The Digitization of Everything and Liquid Consumer Expectations are creating the next wave of digital transformation. "Living Services," respond by wrapping around us, constantly learning more about our needs, intents and preferences so they can flex, adapt and make themselves useful. Liquid expectations mean that customer experience is being set by the best of breed across all sectors. Sensors, cloud, connected smart devices and realtime analytics work together to learn and evolve, as if they were fully alive. Services that surprise and delight win out, e.g. physical services that are contextually aware.

[Delaney's note - another term for this could be 'hyper experiential' design elements]

Designers will need to tailor voice, gesture and sensors on body with visual still playing a central role. Design will become more important than ever, taking into account ergonomic, environmental and physical concerns.

We are entering into the third wave of technology - but each wave builds upon the previous. The first wave, Desktop, brought about Google, Amazon, Ebay. The second wave was the rise of mobile, which brought about Twitter as well as many other mobile apps, and has forced many companies to become multi-channel. Over 64% of Americans now own smartphones in 2015. 60% of digital content is mobile, vs. less than 50% in 2013. What is important to note is that each wave denotes deliverability at scale, mass market phenomenons, which changes consumer expectations.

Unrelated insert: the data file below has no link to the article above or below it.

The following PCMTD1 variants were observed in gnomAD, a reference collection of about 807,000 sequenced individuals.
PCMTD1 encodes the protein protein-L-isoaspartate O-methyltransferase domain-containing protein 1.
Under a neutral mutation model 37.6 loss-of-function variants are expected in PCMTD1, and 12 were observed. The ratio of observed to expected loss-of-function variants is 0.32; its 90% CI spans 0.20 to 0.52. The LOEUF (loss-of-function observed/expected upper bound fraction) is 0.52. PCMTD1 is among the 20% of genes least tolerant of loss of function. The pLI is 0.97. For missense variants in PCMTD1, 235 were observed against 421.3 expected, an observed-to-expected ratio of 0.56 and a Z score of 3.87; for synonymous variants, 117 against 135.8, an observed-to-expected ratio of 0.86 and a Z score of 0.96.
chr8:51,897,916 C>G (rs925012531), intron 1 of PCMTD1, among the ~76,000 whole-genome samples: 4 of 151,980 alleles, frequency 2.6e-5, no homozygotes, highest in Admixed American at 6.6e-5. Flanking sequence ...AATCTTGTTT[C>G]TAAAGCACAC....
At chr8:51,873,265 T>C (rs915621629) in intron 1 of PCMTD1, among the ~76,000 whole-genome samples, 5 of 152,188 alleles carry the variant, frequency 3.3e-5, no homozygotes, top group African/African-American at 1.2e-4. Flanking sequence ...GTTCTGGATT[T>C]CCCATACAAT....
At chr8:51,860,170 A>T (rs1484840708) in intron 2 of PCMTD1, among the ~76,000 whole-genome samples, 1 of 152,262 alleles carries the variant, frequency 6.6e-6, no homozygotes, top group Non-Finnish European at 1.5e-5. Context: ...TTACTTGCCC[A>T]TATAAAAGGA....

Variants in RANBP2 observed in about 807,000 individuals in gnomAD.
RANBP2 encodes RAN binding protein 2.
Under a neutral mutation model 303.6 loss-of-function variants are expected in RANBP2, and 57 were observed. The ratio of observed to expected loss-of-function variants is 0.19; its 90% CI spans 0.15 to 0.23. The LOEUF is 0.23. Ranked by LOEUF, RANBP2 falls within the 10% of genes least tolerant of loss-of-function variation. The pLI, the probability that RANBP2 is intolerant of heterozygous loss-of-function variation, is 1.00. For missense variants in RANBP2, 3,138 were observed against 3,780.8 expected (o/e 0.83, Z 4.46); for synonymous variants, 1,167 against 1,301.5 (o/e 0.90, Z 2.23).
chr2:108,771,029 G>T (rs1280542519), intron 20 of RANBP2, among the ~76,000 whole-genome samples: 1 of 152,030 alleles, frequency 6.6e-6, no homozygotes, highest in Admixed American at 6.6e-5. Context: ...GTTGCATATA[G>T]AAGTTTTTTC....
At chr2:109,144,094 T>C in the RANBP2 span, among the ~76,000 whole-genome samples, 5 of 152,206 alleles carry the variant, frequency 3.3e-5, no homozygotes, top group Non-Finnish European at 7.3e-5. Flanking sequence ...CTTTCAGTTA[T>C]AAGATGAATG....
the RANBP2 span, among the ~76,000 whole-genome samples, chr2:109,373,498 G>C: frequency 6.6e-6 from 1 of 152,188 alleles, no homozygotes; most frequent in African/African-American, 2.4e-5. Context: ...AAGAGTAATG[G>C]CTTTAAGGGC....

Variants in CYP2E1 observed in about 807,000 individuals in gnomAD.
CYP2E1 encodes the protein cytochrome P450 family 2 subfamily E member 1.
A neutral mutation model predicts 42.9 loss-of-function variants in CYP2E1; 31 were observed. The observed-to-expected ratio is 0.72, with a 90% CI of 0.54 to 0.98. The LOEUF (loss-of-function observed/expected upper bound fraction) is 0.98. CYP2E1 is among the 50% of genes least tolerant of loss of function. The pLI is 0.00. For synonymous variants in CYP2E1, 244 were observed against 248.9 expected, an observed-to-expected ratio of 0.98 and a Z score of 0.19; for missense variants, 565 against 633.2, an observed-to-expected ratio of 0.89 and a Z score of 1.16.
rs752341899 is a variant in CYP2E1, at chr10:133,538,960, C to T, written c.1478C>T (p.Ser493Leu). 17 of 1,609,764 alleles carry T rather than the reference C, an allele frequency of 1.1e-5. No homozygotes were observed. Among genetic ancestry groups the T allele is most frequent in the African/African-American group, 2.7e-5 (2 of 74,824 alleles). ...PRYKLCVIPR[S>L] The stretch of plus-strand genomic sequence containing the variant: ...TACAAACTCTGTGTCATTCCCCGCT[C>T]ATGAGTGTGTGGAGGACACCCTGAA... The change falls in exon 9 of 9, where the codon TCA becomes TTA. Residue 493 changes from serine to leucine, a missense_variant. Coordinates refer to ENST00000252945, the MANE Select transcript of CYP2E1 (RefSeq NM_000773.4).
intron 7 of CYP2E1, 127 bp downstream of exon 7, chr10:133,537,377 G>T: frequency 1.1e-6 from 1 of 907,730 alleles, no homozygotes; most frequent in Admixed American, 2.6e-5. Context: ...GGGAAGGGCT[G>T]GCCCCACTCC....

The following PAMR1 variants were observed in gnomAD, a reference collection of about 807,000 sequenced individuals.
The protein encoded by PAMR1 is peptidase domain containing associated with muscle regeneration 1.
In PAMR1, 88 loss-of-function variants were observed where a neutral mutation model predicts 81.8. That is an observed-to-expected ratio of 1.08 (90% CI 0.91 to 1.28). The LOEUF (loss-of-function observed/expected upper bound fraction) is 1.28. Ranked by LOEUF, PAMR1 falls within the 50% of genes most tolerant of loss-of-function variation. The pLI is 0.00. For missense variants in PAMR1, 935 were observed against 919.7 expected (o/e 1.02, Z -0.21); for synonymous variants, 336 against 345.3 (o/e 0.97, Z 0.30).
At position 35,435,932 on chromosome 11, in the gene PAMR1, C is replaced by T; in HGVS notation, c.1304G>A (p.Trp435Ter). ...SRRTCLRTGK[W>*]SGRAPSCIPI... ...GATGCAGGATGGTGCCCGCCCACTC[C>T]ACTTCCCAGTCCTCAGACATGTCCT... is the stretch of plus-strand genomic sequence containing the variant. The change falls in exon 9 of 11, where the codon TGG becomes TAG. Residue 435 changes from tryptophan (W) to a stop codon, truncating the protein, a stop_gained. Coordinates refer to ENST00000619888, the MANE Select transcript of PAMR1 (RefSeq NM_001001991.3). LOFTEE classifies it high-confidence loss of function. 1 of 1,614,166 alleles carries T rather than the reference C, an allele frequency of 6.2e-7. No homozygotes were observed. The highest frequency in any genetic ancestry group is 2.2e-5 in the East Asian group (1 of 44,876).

The age we are living in now includes individual companies carving out isolated, "Living Services," experiments, whereas in the future "Living Services," will be widespread with investment in services flowing through devices across all sectors of the economy.